In Electrical Safety Authority and Power Workers’ Union, an arbitrator found that an employer’s mandatory COVID-19 vaccination policy was unreasonable and a significant over-reach of management rights.
In September 2021, the Electrical Safety Authority (the “Employer”) implemented a voluntary vaccination disclosure and testing policy (the “Voluntary Policy”) in September 2021. The Power Workers’ Union (the “Union”) did not object to the Voluntary Policy, which allowed employees who did not voluntarily disclose their vaccination status to be tested on a regular basis.
In October 2021, the Employer implemented a mandatory vaccination policy (the “Mandatory Policy”) which required all staff to be fully vaccinated, with no option to take part in regular testing as an alternative, unless they provided proof of an exemption based on a protected ground under the Ontario Human Rights Code. Under the Mandatory Policy, those who did not disclose full vaccination status could be disciplined, discharged, and/or placed on an unpaid leave of absence.
The Union proceeded to file a grievance and took the position that the Mandatory Policy was unreasonable and a significant over-reach of management rights that violated the collective agreement, as well as employees’ privacy rights and right to bodily integrity. In response, the Employer asserted that the Mandatory Policy was a reasonable exercise of management rights that fulfilled their legal obligation under the Ontario Occupational Health and Safety Act [OHSA] to take every reasonable precaution to protect the health and safety of their workers.
The arbitrator allowed the grievance and found the Mandatory Policy to be unreasonable to the extent that employees may be disciplined, discharged, and/or placed on an unpaid leave for failing to get fully vaccinated.
In assessing the reasonableness of the Mandatory Policy, the arbitrator took a fact-specific, contextual approach. The arbitrator acknowledged that in settings where there is a greater risk to the health and safety of employees and/or vulnerable populations, an employer may encroach on individual employee rights with a carefully tailored policy that meets its obligations under the OHSA. Conversely, in settings where there is no specific or significant risk to health and safety, or significant interference with the employer’s operations, then a less intrusive alternative, such as the previously implemented Voluntary Policy, may be adequate to address the risks. Additionally, the arbitrator noted the fluidity of the circumstances surrounding the COVID-19 pandemic, and that “what may have been unreasonable at one point in time is no longer unreasonable at a later point in time and vice versa.”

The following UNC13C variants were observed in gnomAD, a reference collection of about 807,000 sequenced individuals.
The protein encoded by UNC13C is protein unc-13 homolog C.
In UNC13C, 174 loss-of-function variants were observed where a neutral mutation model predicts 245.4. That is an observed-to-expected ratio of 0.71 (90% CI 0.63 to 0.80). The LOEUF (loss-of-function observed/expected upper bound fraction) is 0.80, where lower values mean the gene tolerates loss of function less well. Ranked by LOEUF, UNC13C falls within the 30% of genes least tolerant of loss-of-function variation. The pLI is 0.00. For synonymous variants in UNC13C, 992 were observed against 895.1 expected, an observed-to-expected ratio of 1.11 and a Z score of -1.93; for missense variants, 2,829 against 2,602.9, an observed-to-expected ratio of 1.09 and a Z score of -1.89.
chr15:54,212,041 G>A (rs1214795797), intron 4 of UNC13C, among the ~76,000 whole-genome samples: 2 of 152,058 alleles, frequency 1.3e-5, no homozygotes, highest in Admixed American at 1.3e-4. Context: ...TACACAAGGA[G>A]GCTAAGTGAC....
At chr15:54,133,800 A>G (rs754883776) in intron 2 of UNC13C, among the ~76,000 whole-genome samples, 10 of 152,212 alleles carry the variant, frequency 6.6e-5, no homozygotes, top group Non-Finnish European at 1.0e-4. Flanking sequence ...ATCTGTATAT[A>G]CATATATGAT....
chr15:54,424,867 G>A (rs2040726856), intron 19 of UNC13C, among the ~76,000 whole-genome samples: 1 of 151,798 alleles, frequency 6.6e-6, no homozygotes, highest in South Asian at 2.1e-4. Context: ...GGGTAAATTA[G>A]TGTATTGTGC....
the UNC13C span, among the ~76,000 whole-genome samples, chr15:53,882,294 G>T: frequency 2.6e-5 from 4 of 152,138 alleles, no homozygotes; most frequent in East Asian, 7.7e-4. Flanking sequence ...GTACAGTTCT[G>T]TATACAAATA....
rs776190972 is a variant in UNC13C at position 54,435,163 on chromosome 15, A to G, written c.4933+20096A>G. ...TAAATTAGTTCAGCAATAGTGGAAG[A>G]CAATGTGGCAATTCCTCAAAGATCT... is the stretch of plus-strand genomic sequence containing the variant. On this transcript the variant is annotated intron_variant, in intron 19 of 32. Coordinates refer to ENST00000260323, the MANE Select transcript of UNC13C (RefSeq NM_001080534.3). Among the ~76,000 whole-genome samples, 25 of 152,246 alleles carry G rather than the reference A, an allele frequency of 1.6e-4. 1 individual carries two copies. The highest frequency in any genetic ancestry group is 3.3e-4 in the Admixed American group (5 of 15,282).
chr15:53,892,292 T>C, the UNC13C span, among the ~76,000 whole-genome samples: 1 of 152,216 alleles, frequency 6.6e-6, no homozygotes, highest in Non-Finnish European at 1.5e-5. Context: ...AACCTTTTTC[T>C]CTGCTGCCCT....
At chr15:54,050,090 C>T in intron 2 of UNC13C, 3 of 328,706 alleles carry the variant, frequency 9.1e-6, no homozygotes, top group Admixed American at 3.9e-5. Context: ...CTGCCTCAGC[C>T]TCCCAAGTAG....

The arbitrator found that there was no real, demonstrated risk within the workplace or requirement within legislation and the collective agreement that would justify the Mandatory Policy’s implementation. The Employer did not operate a particularly high-risk workplace, as most work was done remotely and the vast majority of employees had been voluntarily vaccinated against COVID-19. The arbitrator further noted that workplace circumstances surrounding the COVID-19 pandemic had not changed between the implementation of the Voluntary Policy and the implementation of the Mandatory Policy. Additionally, there was no legislative authority or collective agreement language that required employees to be vaccinated. On these bases, the arbitrator ultimately found the Mandatory Policy unreasonable.
Notably, the arbitrator distinguished the facts before him from those presented in UFCW, Canada Local 333 v Paragon Protection Ltd [Paragon Protection], another recent labour arbitration decision in which a mandatory vaccination policy was upheld. The arbitrator noted that Paragon Protection was reasonably decided, but emphasized that the decision arose on different facts and was distinguishable.
This decision suggests that as the situation surrounding the COVID-19 pandemic is ever-evolving, assessments regarding the reasonableness of a vaccination policy will clearly be highly fact- and context-specific.
As noted by the arbitrator, this decision stands in contrast with the Paragon Protection decision (for more information on this decision, please see our previous blog). Stay tuned for a later blog in which we will compare and contrast the two decisions to provide further insight into the current state of the law with respect to mandatory vaccination policies.
This blog is provided as an information service and summary of workplace legal issues.
This information is not intended as legal advice.